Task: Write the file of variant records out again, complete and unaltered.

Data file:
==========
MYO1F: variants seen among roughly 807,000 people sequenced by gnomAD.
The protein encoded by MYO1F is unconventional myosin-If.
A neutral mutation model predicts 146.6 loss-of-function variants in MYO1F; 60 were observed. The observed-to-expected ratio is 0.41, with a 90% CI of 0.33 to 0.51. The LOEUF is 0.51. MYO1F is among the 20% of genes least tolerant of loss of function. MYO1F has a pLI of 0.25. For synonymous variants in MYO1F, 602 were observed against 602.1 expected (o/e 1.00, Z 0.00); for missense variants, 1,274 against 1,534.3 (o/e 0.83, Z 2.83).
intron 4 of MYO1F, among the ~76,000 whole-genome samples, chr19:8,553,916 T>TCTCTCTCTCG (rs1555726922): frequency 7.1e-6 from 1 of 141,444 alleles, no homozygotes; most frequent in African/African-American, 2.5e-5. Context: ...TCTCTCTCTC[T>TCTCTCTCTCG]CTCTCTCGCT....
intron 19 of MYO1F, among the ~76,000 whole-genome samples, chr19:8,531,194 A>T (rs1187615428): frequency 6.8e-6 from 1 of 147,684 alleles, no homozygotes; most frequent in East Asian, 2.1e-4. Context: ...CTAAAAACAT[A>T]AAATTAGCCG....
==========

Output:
MYO1F: variants seen among roughly 807,000 people sequenced by gnomAD.
The protein encoded by MYO1F is unconventional myosin-If.
A neutral mutation model predicts 146.6 loss-of-function variants in MYO1F; 60 were observed. The observed-to-expected ratio is 0.41, with a 90% CI of 0.33 to 0.51. The LOEUF is 0.51. MYO1F is among the 20% of genes least tolerant of loss of function. MYO1F has a pLI of 0.25. For synonymous variants in MYO1F, 602 were observed against 602.1 expected (o/e 1.00, Z 0.00); for missense variants, 1,274 against 1,534.3 (o/e 0.83, Z 2.83).
intron 4 of MYO1F, among the ~76,000 whole-genome samples, chr19:8,553,916 T>TCTCTCTCTCG (rs1555726922): frequency 7.1e-6 from 1 of 141,444 alleles, no homozygotes; most frequent in African/African-American, 2.5e-5. Context: ...TCTCTCTCTC[T>TCTCTCTCTCG]CTCTCTCGCT....
intron 19 of MYO1F, among the ~76,000 whole-genome samples, chr19:8,531,194 A>T (rs1187615428): frequency 6.8e-6 from 1 of 147,684 alleles, no homozygotes; most frequent in East Asian, 2.1e-4. Context: ...CTAAAAACAT[A>T]AAATTAGCCG....